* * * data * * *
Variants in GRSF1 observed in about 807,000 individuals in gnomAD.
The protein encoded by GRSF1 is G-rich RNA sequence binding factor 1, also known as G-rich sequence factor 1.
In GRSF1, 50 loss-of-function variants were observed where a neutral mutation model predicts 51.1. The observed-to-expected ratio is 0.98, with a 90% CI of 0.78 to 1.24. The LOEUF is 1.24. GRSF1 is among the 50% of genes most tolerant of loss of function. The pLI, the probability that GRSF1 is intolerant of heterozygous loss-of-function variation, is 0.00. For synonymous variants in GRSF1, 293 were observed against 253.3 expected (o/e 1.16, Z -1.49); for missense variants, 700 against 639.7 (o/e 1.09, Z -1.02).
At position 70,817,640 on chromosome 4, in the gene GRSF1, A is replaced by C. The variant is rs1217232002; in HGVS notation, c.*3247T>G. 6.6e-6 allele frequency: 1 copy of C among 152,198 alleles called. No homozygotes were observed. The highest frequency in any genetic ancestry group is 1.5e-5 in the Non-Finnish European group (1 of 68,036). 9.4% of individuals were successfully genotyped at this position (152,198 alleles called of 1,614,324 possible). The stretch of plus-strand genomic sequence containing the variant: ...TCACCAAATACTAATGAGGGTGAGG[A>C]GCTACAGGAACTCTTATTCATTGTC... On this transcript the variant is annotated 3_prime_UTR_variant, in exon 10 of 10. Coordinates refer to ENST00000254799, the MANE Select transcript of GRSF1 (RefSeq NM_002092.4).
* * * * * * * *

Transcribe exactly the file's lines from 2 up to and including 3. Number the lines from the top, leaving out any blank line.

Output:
The protein encoded by GRSF1 is G-rich RNA sequence binding factor 1, also known as G-rich sequence factor 1.
In GRSF1, 50 loss-of-function variants were observed where a neutral mutation model predicts 51.1. The observed-to-expected ratio is 0.98, with a 90% CI of 0.78 to 1.24. The LOEUF is 1.24. GRSF1 is among the 50% of genes most tolerant of loss of function. The pLI, the probability that GRSF1 is intolerant of heterozygous loss-of-function variation, is 0.00. For synonymous variants in GRSF1, 293 were observed against 253.3 expected (o/e 1.16, Z -1.49); for missense variants, 700 against 639.7 (o/e 1.09, Z -1.02).